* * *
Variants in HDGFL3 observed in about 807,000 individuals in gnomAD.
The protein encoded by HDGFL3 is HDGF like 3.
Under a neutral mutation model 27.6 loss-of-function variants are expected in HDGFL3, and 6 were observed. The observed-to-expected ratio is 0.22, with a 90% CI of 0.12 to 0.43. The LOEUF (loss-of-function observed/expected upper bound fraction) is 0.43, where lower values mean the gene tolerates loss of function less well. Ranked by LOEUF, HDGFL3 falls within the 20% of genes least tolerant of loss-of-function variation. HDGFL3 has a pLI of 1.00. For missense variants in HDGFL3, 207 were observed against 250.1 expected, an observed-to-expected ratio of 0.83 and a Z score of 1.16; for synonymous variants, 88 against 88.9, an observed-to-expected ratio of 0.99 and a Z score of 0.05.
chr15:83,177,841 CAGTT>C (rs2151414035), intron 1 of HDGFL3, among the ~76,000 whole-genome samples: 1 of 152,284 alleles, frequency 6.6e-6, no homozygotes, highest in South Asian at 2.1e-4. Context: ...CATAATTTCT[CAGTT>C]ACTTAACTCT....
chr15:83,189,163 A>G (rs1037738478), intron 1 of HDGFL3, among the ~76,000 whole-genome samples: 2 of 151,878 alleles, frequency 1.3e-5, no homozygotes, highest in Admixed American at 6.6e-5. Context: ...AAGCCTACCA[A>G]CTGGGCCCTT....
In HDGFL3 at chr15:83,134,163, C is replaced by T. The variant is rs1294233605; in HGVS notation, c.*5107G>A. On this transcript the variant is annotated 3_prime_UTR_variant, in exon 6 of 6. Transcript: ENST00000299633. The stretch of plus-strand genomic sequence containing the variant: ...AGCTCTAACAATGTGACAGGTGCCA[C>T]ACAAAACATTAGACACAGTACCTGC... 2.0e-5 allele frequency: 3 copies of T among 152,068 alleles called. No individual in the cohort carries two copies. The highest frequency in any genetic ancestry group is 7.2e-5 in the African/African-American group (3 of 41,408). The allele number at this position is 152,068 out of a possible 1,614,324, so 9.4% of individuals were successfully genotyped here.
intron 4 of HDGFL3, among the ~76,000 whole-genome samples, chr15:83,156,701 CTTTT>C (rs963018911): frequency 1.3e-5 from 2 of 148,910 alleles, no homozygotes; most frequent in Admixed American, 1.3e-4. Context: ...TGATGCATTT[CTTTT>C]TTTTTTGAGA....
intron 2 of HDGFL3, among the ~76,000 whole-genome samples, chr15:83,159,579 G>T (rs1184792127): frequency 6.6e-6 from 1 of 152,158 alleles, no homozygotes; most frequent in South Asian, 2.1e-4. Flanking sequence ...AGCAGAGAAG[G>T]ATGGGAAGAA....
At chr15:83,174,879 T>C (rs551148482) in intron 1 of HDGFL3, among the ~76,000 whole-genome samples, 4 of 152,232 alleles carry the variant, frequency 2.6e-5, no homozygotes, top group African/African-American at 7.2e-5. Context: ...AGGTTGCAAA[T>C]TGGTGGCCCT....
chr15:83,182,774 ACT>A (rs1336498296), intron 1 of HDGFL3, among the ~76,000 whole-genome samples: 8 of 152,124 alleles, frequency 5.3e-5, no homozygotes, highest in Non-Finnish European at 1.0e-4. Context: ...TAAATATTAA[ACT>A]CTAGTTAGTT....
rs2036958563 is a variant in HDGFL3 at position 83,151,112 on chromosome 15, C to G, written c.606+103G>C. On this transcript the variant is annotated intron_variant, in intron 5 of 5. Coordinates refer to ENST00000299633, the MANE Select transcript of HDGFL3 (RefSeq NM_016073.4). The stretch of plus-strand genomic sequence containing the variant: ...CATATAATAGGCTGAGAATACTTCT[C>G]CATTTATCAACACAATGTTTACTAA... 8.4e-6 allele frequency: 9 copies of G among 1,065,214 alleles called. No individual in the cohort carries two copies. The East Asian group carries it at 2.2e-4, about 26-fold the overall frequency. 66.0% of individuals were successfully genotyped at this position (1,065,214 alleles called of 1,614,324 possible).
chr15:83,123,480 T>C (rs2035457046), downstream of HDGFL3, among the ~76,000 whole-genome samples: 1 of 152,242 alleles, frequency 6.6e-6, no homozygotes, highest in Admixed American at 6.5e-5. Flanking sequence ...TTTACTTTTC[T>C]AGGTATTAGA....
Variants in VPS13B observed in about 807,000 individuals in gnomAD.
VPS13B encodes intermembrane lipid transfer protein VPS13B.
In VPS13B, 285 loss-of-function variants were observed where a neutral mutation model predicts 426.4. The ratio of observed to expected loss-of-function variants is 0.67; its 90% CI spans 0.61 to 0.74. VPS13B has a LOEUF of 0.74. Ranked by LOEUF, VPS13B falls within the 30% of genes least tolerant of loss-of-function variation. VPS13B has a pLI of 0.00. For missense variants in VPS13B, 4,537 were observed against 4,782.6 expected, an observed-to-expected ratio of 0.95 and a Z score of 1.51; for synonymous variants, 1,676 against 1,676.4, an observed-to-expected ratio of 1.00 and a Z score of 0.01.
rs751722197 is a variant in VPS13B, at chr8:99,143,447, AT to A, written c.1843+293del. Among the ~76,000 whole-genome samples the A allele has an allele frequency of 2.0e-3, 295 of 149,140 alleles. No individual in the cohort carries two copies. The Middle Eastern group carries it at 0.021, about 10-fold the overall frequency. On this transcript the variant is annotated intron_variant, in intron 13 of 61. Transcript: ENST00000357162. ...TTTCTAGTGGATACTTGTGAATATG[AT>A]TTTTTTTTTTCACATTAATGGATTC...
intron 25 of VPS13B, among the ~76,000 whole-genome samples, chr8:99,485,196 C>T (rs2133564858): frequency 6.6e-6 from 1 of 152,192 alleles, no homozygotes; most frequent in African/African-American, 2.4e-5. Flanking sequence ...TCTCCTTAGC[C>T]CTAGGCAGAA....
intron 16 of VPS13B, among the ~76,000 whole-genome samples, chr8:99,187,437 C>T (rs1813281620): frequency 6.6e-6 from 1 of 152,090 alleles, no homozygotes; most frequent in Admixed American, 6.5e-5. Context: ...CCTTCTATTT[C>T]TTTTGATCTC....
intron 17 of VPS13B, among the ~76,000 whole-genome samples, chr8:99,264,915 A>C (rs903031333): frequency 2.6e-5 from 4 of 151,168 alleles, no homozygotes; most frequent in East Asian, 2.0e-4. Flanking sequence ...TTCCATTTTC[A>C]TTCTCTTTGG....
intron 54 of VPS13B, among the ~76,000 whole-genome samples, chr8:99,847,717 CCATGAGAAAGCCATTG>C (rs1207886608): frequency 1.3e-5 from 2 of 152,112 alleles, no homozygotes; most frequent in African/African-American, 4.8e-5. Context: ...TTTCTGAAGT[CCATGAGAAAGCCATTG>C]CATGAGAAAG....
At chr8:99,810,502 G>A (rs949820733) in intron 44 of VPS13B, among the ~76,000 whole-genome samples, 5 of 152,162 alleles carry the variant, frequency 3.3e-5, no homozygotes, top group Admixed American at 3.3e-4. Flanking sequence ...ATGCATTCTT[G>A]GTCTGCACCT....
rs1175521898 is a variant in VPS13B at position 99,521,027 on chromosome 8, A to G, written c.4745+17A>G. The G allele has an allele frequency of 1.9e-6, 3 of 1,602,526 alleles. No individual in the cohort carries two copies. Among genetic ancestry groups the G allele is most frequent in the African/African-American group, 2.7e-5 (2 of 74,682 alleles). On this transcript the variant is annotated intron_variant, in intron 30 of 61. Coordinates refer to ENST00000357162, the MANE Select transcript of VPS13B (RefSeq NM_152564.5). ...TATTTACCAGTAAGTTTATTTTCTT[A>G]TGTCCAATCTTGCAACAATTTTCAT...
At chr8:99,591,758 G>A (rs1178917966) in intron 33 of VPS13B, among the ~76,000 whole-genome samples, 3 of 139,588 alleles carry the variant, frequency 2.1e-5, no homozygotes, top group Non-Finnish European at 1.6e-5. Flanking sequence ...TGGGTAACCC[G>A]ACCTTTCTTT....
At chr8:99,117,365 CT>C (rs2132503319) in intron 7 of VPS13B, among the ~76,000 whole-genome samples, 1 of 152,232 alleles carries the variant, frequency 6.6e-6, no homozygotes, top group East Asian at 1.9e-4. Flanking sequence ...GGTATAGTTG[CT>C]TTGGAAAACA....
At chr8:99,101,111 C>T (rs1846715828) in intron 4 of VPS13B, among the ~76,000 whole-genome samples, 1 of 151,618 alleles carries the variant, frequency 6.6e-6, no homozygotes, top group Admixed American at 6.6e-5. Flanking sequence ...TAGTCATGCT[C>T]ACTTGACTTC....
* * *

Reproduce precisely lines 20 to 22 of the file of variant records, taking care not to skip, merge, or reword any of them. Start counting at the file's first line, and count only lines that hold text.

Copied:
intron 54 of VPS13B, among the ~76,000 whole-genome samples, chr8:99,847,717 CCATGAGAAAGCCATTG>C (rs1207886608): frequency 1.3e-5 from 2 of 152,112 alleles, no homozygotes; most frequent in African/African-American, 4.8e-5. Context: ...TTTCTGAAGT[CCATGAGAAAGCCATTG>C]CATGAGAAAG....
At chr8:99,810,502 G>A (rs949820733) in intron 44 of VPS13B, among the ~76,000 whole-genome samples, 5 of 152,162 alleles carry the variant, frequency 3.3e-5, no homozygotes, top group Admixed American at 3.3e-4. Flanking sequence ...ATGCATTCTT[G>A]GTCTGCACCT....
rs1175521898 is a variant in VPS13B at position 99,521,027 on chromosome 8, A to G, written c.4745+17A>G. The G allele has an allele frequency of 1.9e-6, 3 of 1,602,526 alleles. No individual in the cohort carries two copies. Among genetic ancestry groups the G allele is most frequent in the African/African-American group, 2.7e-5 (2 of 74,682 alleles). On this transcript the variant is annotated intron_variant, in intron 30 of 61. Coordinates refer to ENST00000357162, the MANE Select transcript of VPS13B (RefSeq NM_152564.5). ...TATTTACCAGTAAGTTTATTTTCTT[A>G]TGTCCAATCTTGCAACAATTTTCAT...